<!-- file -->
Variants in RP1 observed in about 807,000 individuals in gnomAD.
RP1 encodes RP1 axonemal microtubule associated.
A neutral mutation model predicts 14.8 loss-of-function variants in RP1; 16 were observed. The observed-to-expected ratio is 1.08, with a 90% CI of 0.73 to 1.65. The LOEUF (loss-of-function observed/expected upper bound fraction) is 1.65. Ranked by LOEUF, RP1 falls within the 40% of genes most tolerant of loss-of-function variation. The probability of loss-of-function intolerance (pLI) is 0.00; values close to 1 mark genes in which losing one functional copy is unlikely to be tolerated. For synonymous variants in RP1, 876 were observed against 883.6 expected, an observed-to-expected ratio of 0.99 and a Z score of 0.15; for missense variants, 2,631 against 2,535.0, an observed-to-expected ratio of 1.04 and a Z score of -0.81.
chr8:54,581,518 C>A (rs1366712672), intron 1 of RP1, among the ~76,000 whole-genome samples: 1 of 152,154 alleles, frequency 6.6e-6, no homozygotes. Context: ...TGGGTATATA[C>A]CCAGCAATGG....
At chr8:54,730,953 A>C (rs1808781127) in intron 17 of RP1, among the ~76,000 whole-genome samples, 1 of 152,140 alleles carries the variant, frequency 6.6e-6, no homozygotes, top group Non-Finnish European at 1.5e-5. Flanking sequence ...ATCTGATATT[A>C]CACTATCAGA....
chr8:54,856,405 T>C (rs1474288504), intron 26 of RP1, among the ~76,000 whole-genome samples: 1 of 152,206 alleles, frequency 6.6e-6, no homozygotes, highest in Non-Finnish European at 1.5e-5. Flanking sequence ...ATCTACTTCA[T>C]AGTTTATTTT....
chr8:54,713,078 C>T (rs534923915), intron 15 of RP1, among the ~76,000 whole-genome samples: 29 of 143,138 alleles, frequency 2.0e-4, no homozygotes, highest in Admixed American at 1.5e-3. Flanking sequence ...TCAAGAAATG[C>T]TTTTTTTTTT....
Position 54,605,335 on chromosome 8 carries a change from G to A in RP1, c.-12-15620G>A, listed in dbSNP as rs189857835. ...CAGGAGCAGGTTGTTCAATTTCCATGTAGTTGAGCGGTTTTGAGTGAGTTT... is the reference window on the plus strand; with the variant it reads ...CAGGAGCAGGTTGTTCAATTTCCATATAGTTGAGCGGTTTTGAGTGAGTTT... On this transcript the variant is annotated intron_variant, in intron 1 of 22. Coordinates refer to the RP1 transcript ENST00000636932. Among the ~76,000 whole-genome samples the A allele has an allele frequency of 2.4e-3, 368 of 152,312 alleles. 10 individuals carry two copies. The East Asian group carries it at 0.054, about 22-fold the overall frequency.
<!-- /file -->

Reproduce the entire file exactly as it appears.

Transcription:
Variants in RP1 observed in about 807,000 individuals in gnomAD.
RP1 encodes RP1 axonemal microtubule associated.
A neutral mutation model predicts 14.8 loss-of-function variants in RP1; 16 were observed. The observed-to-expected ratio is 1.08, with a 90% CI of 0.73 to 1.65. The LOEUF (loss-of-function observed/expected upper bound fraction) is 1.65. Ranked by LOEUF, RP1 falls within the 40% of genes most tolerant of loss-of-function variation. The probability of loss-of-function intolerance (pLI) is 0.00; values close to 1 mark genes in which losing one functional copy is unlikely to be tolerated. For synonymous variants in RP1, 876 were observed against 883.6 expected, an observed-to-expected ratio of 0.99 and a Z score of 0.15; for missense variants, 2,631 against 2,535.0, an observed-to-expected ratio of 1.04 and a Z score of -0.81.
chr8:54,581,518 C>A (rs1366712672), intron 1 of RP1, among the ~76,000 whole-genome samples: 1 of 152,154 alleles, frequency 6.6e-6, no homozygotes. Context: ...TGGGTATATA[C>A]CCAGCAATGG....
At chr8:54,730,953 A>C (rs1808781127) in intron 17 of RP1, among the ~76,000 whole-genome samples, 1 of 152,140 alleles carries the variant, frequency 6.6e-6, no homozygotes, top group Non-Finnish European at 1.5e-5. Flanking sequence ...ATCTGATATT[A>C]CACTATCAGA....
chr8:54,856,405 T>C (rs1474288504), intron 26 of RP1, among the ~76,000 whole-genome samples: 1 of 152,206 alleles, frequency 6.6e-6, no homozygotes, highest in Non-Finnish European at 1.5e-5. Flanking sequence ...ATCTACTTCA[T>C]AGTTTATTTT....
chr8:54,713,078 C>T (rs534923915), intron 15 of RP1, among the ~76,000 whole-genome samples: 29 of 143,138 alleles, frequency 2.0e-4, no homozygotes, highest in Admixed American at 1.5e-3. Flanking sequence ...TCAAGAAATG[C>T]TTTTTTTTTT....
Position 54,605,335 on chromosome 8 carries a change from G to A in RP1, c.-12-15620G>A, listed in dbSNP as rs189857835. ...CAGGAGCAGGTTGTTCAATTTCCATGTAGTTGAGCGGTTTTGAGTGAGTTT... is the reference window on the plus strand; with the variant it reads ...CAGGAGCAGGTTGTTCAATTTCCATATAGTTGAGCGGTTTTGAGTGAGTTT... On this transcript the variant is annotated intron_variant, in intron 1 of 22. Coordinates refer to the RP1 transcript ENST00000636932. Among the ~76,000 whole-genome samples the A allele has an allele frequency of 2.4e-3, 368 of 152,312 alleles. 10 individuals carry two copies. The East Asian group carries it at 0.054, about 22-fold the overall frequency.